Monday, January 23, 2012

Female Bloggers!!

(Image from ladyscience)
For the females present in our Senior Seminar class if you want to read a female approach to science blogs and science in general, which there are not many of, then the blog titled Skepchick is the blogging website for you!  According to this website, this blog belongs to a group of women and one lucky man where their focus is on approaching science from aspects of feminism and atheism combined with numerous diverse topics in science today.  Unlike many other science blogs, Skepchick uses elements of humor through jokes they call Skepchick-isms and focus on topics that are easily comprehended from both the science community and non-science community. 

The subject of "Aliens" is one that can cause great debates in the science and non-science world in terms of their existence and the believability of this idea.  One blogger from the Skepchick blog cite by the name of Nicole takes on the idea of Aliens but adds her own level of humor and personal thoughts to explain this implausible idea of "little green Aliens" and the question of "Why aren't they here?".  She presents three scenarios to explain her thoughts that are pretty humorous! The first scenario deals with the idea that Aliens are here, but they are being discrete about it!  The second scenario states that they haven't/never made it here! The third scenario states that we are really the first Sentient species in the Galaxy. Through plenty of humor, the author develops different ways to think about this debatable theory, but explains that there is still no proper way to answer this century old question!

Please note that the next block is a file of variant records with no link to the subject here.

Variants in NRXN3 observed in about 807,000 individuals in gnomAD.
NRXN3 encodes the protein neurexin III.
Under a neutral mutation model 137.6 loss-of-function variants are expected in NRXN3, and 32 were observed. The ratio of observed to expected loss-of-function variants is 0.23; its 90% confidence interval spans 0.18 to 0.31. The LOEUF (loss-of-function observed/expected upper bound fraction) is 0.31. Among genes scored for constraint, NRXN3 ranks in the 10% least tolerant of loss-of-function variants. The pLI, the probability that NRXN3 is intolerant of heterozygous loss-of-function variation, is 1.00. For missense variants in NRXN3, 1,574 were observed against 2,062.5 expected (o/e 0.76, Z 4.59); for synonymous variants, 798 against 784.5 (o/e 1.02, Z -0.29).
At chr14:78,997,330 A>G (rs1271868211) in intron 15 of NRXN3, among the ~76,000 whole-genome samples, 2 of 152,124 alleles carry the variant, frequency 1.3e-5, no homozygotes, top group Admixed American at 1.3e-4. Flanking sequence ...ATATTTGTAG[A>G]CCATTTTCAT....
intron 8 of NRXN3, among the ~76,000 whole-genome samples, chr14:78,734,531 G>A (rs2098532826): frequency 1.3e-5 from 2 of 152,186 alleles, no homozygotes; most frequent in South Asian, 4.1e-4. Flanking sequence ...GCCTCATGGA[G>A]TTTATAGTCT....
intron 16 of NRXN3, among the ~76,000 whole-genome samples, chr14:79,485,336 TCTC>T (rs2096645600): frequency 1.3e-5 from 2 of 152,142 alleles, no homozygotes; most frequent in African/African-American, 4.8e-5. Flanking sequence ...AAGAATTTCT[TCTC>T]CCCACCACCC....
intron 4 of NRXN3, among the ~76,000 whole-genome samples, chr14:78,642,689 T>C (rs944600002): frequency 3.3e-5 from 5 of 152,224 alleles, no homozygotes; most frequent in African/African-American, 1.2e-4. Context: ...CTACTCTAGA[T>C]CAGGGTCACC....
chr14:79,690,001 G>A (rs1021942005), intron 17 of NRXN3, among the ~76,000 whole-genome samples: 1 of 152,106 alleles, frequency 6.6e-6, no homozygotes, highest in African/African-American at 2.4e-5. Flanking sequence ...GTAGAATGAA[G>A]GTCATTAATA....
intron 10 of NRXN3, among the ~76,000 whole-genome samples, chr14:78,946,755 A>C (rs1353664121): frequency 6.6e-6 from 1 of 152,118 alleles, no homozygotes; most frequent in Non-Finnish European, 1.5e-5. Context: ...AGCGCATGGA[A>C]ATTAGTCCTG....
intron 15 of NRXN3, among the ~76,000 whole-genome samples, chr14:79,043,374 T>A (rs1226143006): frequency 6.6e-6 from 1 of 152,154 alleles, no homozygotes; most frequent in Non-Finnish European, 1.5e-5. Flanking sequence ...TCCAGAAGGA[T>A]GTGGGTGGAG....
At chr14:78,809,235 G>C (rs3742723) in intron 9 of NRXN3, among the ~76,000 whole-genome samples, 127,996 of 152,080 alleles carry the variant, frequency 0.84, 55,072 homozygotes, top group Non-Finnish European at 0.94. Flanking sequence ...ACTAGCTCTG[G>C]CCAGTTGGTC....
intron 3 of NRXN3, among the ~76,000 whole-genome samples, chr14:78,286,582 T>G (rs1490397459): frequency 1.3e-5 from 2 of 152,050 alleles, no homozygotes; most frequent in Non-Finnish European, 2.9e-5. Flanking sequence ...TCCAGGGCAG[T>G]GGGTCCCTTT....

(Image from hdwallpapers)

To read more on this debatable topic and to pick your theory visit Skepchick.  Also visit this blog cite to read more from these female bloggers and that one lucky man!


The New Age Science Blog

The blog titled Starts With a Bang is a blog created by Ethan Siegal, a college graduate with a B.A. in Physics, Classics, and Integrated Science who  now uses his knowledge to have exciting careers in teaching at the high school level, being a college instructor, and also a research scientist.  Ethan's blog includes valuable knowledge about the world around us in a way that grabs the attention of not only those who have a passion for science, but also those who are not up to speed in terms of understanding science as a whole.  He avoids the typical "jargon" used by many other science blogs that allows his readers to connect to the information he presents in a more personal way.  Ethan goes beyond the typical approach to explaining science by using aspects of humor and personal experience into his blog posts which is a skill that in my opinion many scientists should learn!